Although English is known for liberally stealing – I mean borrowing- words from other languages,
there's no denying that Americans have a tendency to make up our words when we feel that the options our disposal are inadequate to meet our linguistic needs. To catalog these forays into linguistic invention, The Made Up Words Project was created. The project invites the public to submit the “made up words that we share with family and friends.”

While the project is just for fun, it did give me amusing memories to laugh at. (When I was in junior high, three friends and I used the term “I-triple-L” to describe really stupid people. It stood for Immature Lower Life Forms of Larva. What can I say? We were in junior high, and we got plenty of use out of it at the time!)

Juxtaposed with the foreign words for which there are no English translations, however, it also proved rather thought provoking. Why is it that other cultures have specific words for things that English speakers are content to express imperfectly, only through full sentences? Why has it never occurred to me that we might need a word like irusu (Japanese for “pretending to be out when someone knocks on your door”)? What other practical, amusing or elegant feelings and situations am I lacking words for without even noticing?

For years when I was younger, we used the term “chippy” to express a cross between chilly and nippy when it was cold outside. It started as a slip of the tongue, but we quite liked it so it stayed in use. Sadly, I can't think of any more recent examples, which makes me suspect I should be exercising more creativity in my words. These days, I mostly just borrow words from other places. (Too often, this equates to lift curse words and exclamatory phrases from science fiction universes, but not always.) I discovered and love the Greek word “meraki” which is “the soul, creativity, or love put into something; the essence of yourself that is put into your work.”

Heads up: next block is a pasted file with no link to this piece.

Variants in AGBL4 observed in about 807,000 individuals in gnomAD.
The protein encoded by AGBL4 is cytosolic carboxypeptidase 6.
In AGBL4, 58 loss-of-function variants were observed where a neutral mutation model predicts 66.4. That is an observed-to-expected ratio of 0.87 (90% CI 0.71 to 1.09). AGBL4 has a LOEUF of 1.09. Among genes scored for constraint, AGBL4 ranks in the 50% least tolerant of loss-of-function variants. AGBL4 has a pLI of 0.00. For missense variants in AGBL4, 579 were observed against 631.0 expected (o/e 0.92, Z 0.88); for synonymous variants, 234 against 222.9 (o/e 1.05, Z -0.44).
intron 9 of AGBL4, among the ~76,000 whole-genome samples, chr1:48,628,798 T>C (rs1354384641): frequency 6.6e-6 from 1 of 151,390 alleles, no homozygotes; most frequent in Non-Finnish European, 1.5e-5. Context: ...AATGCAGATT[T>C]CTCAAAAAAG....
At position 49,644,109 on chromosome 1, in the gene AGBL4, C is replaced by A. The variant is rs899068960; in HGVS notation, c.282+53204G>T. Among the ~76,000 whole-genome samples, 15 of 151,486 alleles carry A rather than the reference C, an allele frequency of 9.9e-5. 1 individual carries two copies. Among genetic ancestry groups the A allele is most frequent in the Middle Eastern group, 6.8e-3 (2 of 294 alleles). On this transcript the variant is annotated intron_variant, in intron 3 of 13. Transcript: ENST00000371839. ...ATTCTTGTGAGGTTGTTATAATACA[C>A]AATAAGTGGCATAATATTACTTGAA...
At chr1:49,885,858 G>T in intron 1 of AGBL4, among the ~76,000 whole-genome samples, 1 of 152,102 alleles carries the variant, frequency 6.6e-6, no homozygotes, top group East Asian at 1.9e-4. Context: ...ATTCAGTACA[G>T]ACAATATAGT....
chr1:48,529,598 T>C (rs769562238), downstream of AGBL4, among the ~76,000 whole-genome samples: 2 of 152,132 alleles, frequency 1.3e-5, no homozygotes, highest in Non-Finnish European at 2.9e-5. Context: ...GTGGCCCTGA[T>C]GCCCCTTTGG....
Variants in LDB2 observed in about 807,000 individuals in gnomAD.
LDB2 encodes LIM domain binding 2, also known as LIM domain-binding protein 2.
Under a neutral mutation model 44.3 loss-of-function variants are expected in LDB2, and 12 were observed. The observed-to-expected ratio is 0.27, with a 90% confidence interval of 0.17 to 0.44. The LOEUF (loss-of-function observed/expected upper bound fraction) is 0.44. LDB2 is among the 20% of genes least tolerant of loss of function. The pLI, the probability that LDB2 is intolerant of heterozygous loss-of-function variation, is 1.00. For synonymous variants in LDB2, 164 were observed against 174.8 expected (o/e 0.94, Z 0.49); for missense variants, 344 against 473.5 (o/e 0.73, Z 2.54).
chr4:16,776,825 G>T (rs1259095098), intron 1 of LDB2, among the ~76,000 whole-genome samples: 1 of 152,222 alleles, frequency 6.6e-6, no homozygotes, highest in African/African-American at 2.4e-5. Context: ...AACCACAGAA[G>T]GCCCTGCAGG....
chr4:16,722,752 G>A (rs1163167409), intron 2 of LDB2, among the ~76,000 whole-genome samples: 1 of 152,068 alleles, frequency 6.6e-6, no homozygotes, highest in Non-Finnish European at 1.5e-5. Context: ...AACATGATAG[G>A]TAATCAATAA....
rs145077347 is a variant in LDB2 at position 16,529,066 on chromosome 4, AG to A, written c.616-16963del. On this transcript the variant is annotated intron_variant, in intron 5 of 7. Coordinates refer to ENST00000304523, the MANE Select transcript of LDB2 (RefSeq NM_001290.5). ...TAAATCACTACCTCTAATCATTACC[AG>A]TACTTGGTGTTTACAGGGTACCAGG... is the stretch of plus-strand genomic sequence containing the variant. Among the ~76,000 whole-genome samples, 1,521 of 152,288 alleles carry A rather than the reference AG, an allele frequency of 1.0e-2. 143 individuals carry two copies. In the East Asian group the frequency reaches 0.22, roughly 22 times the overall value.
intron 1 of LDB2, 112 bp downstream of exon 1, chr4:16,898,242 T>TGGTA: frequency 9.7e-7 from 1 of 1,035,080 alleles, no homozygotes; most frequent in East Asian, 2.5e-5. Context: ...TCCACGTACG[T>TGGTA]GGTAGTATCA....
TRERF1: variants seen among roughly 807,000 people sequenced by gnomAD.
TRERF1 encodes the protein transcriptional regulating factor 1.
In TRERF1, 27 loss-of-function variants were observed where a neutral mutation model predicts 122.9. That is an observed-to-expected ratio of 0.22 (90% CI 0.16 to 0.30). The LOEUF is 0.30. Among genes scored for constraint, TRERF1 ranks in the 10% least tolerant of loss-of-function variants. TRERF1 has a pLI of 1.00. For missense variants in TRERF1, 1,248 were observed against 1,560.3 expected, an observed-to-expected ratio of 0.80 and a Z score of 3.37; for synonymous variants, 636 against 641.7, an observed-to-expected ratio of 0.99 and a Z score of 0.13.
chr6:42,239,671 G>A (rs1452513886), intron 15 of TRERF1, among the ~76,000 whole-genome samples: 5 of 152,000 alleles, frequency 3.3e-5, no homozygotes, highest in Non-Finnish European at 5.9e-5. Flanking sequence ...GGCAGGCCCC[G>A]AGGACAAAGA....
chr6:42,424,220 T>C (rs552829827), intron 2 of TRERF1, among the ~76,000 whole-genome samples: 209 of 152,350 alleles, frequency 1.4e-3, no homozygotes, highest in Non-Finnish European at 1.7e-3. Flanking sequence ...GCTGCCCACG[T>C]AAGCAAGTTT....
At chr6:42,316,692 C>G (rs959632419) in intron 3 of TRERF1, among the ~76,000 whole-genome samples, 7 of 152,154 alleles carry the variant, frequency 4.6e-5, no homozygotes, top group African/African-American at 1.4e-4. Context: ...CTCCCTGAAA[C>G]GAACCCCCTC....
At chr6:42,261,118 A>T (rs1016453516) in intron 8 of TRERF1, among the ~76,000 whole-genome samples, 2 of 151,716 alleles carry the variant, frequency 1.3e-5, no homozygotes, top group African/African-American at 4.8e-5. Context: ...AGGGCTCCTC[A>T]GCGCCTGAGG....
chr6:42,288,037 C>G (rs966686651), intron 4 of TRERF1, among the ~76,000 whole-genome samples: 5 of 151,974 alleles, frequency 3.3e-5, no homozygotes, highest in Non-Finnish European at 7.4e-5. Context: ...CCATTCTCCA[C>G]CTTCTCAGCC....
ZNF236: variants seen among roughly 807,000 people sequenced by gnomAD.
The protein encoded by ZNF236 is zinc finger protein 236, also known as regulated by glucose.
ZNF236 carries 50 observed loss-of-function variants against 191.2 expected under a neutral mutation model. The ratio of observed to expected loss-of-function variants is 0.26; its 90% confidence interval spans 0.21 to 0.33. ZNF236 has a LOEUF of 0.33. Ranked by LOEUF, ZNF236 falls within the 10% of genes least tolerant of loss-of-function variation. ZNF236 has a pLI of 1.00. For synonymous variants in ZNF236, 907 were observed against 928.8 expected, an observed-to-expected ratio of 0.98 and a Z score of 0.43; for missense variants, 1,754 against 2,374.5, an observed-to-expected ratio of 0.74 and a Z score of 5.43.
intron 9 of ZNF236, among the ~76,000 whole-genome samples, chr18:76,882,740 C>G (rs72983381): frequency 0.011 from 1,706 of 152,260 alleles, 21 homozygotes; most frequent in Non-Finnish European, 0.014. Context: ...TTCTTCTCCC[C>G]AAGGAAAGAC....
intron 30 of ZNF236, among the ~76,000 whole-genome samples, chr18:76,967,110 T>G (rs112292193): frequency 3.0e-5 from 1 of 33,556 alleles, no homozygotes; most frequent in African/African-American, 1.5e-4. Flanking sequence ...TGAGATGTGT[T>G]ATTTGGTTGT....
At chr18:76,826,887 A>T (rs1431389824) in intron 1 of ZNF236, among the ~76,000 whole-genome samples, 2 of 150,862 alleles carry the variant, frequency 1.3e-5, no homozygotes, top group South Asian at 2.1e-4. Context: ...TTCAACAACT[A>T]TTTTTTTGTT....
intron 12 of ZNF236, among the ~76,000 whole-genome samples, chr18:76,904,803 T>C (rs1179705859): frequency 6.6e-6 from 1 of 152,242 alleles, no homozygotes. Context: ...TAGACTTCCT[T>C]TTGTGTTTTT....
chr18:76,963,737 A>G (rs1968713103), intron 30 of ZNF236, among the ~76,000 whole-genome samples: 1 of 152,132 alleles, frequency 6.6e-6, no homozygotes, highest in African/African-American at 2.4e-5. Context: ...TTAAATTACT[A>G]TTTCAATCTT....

So perhaps I shall put some meraki into being more aware of – and coming up with – creative words myself. What made-up words do you use? What can you think of that you wish there was a word for?

Sunday, November 22

Smoking, Drinking, and Voting

Years ago, when I was working my tail off at my first “real” job out of college as a Catering Manager, I was incredibly irritated to discover that I could not rent a car for a business trip. I wasn't old enough.

Not long after, desperate to get to where I was headed despite all the planes being grounded due to nasty weather, an airport car rental place again refused to rent to me because I wasn't 25.

I cannot begin to tell you how frustrating it was both times to stand there at the counter faced with the ludicrous facts. I had been a safe and licensed driver for more than half a dozen years already, and routinely drove catering vans and other expensive commercial vehicles in addition to my own car. I was trusted to manage expensive events, make hiring and firing decisions, and represent my account at regional events. I had all kinds of insurance, and nothing but a speeding ticket or two on my record. But I couldn't rent a freaking basic model sedan.

Then, as now, I was appalled and baffled by the notion that we as a society so strangely differentiate between what we think individuals should and should not be able to do at 18. Vote? Sure! Get married? Absolutely. Join the military to fight (and sometimes die) for one's country? You bet. Buy your own beer? Oh no you don't! Rent a car? No way! What are you, nuts?

By what bizarre logic does that make sense?

Apparently, it must make sense to someone, because the American Academy of Pediatrics (AAP) is urging the FDA to enact restrictions that would prevent anyone under the age of 21 from purchasing cigarettes, tobacco, or vaping products. Certainly, I understand their concerns about the health hazards that nicotine and tobacco pose, particularly to young people. But frankly, the second-class citizenship status of young adults is already untenable. To try to press it even further is simply unreasonable.